The number of available orthogonal spreading codes may become a limiting factor to the capacity of a CDMA system. According to a traditional approach the length of the code sequence has been kept constant, which sets a constraint to the selection of spreading codes. Recently it has been suggested that co-channel interference could be reduced by introducing multiple code lengths. Similar suggestions have risen also based on a different motivating factor, namely providing a variable data rate in a connection by adapting the spreading code length according to channel conditions. A prior art publication considering the last-mentioned viewpoint is H. Lervik: “One Approach to Increase Capacity in DS-CDMA”, published in 2001 by the Norwegian University of Science and Technology and available at the time of writing this description at http://www.norsig.no/norsig2001/Papers/52. One_approach—2092001153625.pdf (NORSK 2001 NORSK Symposium I SIGNALBEHANDLING, 18-20 Oct. 2001, Trondheim, Norway).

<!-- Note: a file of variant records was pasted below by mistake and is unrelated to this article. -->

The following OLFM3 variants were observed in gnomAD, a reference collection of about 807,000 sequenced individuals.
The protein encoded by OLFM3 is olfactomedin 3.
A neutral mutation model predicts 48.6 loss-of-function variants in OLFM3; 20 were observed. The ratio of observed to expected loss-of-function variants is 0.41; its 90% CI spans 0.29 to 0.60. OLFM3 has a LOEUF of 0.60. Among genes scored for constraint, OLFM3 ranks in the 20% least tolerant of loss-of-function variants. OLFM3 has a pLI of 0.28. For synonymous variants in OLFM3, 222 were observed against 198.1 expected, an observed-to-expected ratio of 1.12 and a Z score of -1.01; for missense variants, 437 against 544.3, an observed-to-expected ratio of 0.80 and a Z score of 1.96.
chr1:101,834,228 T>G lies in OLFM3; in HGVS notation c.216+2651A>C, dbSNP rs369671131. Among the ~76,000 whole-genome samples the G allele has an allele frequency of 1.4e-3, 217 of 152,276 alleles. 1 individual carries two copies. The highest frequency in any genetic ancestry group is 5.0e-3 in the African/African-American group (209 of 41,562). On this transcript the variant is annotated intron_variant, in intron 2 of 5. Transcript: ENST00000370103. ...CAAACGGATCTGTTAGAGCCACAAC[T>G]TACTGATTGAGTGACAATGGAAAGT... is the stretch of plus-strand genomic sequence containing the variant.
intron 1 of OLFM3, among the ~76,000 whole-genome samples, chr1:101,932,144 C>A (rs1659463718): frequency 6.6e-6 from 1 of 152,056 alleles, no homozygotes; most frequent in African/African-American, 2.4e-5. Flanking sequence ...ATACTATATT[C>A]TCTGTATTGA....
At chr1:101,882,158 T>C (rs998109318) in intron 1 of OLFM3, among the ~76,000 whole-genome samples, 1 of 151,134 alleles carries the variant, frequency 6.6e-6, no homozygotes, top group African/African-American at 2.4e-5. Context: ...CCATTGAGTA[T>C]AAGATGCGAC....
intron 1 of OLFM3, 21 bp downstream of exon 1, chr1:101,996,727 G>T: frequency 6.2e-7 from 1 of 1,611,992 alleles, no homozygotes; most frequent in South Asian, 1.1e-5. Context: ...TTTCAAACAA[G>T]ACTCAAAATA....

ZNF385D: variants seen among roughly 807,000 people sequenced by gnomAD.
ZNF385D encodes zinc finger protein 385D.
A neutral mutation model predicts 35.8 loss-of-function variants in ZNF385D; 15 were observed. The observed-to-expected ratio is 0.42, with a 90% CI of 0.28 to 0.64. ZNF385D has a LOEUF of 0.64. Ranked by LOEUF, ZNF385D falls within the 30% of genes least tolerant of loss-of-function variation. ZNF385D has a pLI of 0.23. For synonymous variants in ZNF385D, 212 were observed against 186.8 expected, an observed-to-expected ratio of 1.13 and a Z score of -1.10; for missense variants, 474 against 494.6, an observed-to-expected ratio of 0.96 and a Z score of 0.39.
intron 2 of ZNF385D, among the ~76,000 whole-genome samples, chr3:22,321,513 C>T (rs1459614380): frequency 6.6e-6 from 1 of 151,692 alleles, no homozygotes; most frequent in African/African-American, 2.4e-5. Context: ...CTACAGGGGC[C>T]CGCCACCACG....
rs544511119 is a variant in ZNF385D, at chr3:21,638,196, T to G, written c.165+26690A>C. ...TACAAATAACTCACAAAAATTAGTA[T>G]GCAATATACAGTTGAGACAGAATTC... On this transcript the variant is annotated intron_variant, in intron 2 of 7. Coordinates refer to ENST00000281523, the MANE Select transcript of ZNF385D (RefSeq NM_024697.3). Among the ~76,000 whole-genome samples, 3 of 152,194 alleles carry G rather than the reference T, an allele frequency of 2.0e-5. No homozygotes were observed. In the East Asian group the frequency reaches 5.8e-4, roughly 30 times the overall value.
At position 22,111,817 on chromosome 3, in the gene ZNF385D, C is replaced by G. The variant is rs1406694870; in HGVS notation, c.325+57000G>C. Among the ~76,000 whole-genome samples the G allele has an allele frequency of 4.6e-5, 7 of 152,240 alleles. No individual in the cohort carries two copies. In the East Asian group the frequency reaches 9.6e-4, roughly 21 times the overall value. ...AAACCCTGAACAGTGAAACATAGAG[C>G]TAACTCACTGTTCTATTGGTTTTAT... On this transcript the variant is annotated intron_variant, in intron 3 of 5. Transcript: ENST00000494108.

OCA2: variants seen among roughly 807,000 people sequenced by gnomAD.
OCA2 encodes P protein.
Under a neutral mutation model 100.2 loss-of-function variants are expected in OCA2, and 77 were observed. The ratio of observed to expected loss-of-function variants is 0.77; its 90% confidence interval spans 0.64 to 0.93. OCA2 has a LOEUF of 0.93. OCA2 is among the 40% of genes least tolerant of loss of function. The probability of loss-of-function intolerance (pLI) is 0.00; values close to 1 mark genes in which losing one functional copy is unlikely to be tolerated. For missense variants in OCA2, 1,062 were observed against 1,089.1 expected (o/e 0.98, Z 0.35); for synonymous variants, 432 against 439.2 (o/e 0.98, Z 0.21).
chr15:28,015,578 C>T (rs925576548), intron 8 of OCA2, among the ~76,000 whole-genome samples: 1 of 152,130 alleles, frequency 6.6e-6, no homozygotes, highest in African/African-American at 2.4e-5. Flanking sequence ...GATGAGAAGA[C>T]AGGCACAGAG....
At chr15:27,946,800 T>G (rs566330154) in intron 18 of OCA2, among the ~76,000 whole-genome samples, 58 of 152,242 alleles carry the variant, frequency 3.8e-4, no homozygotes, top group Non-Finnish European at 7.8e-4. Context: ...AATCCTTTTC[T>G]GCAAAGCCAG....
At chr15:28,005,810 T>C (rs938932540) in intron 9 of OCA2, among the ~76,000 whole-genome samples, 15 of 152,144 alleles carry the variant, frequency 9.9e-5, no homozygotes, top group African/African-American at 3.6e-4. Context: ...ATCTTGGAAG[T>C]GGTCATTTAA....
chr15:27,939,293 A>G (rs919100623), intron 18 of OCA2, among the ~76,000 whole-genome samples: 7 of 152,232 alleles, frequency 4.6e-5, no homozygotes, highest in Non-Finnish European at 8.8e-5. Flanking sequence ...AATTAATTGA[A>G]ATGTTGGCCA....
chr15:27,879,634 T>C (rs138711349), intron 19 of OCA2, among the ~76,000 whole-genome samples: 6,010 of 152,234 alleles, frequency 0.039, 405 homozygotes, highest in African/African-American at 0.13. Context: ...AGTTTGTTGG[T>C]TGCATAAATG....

Another reason for using different code lengths for transmissions on different channels is the aim at making the cross-correlation pattern non-stationary from one code cycle to another, so that an averaging process over several code cycles can help suppressing co-channel interferences. The differences do not need to be very large to achieve this purpose; a difference of one chip or a few chips, or even a fraction of a chip, will work well.